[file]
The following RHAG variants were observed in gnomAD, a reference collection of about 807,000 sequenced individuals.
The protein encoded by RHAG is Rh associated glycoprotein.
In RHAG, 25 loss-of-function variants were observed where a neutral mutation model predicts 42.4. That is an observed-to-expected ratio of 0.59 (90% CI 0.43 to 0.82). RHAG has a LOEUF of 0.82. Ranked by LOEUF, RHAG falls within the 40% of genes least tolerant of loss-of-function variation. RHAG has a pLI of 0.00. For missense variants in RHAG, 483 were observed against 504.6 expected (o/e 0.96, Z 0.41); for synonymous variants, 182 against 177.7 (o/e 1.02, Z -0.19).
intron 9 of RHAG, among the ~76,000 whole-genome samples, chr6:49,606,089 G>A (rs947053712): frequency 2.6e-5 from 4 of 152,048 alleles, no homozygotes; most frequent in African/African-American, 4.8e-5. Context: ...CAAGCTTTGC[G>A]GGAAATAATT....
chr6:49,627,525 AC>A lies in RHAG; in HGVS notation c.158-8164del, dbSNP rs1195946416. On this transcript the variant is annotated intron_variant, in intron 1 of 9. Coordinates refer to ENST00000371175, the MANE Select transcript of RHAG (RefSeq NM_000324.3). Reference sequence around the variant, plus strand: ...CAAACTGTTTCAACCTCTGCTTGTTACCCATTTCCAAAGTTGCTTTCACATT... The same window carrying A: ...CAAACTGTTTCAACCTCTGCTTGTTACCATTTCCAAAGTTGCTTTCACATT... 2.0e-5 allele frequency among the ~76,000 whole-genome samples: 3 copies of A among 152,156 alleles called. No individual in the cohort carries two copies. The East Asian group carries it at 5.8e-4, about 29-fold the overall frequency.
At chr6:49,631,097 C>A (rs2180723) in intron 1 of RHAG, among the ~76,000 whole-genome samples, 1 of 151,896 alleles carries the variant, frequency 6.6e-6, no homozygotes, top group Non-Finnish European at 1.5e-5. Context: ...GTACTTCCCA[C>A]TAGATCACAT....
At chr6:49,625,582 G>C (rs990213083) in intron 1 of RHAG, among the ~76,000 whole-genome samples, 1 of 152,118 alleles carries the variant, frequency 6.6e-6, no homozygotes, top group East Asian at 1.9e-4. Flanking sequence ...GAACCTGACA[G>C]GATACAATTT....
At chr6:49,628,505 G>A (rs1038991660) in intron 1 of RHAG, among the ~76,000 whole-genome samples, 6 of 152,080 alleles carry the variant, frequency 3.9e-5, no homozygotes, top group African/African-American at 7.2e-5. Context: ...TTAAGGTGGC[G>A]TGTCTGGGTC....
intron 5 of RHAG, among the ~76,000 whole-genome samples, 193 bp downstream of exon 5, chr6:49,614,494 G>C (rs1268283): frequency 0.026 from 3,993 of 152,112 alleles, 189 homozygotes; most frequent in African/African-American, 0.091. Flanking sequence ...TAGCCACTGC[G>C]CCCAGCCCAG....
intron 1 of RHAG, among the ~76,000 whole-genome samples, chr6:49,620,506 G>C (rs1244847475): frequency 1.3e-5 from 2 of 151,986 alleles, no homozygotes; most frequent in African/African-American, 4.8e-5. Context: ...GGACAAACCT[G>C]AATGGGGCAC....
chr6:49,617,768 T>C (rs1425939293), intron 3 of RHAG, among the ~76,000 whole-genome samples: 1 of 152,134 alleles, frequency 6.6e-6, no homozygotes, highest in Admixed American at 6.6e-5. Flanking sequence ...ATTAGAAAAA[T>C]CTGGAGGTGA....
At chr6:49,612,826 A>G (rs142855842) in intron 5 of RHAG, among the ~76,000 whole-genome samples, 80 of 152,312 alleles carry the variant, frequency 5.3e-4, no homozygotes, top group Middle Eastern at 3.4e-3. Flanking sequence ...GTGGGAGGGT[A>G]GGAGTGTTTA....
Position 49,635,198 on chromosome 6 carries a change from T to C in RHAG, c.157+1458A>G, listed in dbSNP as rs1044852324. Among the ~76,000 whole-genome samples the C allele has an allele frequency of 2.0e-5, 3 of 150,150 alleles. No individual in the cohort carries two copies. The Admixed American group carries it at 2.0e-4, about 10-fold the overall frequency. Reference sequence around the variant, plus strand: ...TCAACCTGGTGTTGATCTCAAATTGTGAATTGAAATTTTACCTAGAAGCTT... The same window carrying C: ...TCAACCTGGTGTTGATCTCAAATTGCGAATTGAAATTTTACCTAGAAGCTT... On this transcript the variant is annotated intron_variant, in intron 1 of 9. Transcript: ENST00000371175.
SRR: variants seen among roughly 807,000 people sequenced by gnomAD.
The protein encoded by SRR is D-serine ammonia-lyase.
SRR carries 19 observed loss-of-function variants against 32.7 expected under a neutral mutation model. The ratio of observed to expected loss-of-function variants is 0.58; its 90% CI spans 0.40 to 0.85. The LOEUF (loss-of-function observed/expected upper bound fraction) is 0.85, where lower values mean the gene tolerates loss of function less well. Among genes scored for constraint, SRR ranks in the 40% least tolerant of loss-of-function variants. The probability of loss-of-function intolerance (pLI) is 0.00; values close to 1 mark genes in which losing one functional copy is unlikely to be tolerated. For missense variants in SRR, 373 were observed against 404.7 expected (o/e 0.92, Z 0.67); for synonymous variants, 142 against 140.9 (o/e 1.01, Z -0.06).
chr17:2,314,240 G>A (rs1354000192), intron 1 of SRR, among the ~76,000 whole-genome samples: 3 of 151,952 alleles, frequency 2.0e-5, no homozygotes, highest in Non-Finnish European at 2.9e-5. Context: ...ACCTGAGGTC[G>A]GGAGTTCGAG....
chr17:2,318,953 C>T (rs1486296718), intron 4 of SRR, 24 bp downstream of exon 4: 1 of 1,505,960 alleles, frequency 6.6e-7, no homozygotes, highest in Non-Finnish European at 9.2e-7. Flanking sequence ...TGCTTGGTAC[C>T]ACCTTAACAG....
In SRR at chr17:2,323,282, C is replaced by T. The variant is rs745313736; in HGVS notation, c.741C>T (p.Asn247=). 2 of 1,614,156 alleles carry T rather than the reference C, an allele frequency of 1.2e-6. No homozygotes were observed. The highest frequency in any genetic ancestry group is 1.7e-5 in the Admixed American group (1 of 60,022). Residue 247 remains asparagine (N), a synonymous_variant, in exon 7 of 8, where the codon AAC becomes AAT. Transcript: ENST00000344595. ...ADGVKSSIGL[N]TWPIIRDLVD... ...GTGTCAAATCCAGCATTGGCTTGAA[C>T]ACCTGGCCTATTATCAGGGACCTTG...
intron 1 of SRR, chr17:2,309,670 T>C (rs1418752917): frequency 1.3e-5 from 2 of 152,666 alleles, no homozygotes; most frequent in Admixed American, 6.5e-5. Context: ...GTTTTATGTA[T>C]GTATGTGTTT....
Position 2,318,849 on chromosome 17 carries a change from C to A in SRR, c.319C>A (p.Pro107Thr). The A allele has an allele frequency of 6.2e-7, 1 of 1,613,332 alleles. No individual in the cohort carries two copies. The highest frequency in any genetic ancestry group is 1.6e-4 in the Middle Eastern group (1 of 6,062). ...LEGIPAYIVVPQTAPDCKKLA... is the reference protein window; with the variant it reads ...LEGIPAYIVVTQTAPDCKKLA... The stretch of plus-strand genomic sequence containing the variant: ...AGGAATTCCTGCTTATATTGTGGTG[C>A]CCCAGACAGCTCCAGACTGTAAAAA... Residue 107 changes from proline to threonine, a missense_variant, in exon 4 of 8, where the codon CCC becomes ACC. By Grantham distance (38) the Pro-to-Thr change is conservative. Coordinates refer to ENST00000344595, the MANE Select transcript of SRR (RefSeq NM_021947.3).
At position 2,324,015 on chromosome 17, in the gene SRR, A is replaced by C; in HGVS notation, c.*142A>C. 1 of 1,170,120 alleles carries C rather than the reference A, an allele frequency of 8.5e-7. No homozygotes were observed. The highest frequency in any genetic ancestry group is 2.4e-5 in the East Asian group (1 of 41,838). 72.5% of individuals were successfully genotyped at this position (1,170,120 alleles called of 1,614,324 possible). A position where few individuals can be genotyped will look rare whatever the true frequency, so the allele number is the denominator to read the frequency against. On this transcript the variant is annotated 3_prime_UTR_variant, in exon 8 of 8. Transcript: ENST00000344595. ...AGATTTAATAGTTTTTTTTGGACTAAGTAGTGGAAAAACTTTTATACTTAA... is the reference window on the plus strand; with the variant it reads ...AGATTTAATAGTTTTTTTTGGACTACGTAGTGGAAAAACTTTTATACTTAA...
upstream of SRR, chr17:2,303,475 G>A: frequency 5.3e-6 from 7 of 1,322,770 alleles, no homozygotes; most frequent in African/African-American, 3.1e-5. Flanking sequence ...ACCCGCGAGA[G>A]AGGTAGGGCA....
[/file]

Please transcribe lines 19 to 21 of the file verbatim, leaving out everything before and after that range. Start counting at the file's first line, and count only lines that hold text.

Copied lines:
In SRR at chr17:2,323,282, C is replaced by T. The variant is rs745313736; in HGVS notation, c.741C>T (p.Asn247=). 2 of 1,614,156 alleles carry T rather than the reference C, an allele frequency of 1.2e-6. No homozygotes were observed. The highest frequency in any genetic ancestry group is 1.7e-5 in the Admixed American group (1 of 60,022). Residue 247 remains asparagine (N), a synonymous_variant, in exon 7 of 8, where the codon AAC becomes AAT. Transcript: ENST00000344595. ...ADGVKSSIGL[N]TWPIIRDLVD... ...GTGTCAAATCCAGCATTGGCTTGAA[C>T]ACCTGGCCTATTATCAGGGACCTTG...
intron 1 of SRR, chr17:2,309,670 T>C (rs1418752917): frequency 1.3e-5 from 2 of 152,666 alleles, no homozygotes; most frequent in Admixed American, 6.5e-5. Context: ...GTTTTATGTA[T>C]GTATGTGTTT....
Position 2,318,849 on chromosome 17 carries a change from C to A in SRR, c.319C>A (p.Pro107Thr). The A allele has an allele frequency of 6.2e-7, 1 of 1,613,332 alleles. No individual in the cohort carries two copies. The highest frequency in any genetic ancestry group is 1.6e-4 in the Middle Eastern group (1 of 6,062). ...LEGIPAYIVVPQTAPDCKKLA... is the reference protein window; with the variant it reads ...LEGIPAYIVVTQTAPDCKKLA... The stretch of plus-strand genomic sequence containing the variant: ...AGGAATTCCTGCTTATATTGTGGTG[C>A]CCCAGACAGCTCCAGACTGTAAAAA... Residue 107 changes from proline to threonine, a missense_variant, in exon 4 of 8, where the codon CCC becomes ACC. By Grantham distance (38) the Pro-to-Thr change is conservative. Coordinates refer to ENST00000344595, the MANE Select transcript of SRR (RefSeq NM_021947.3).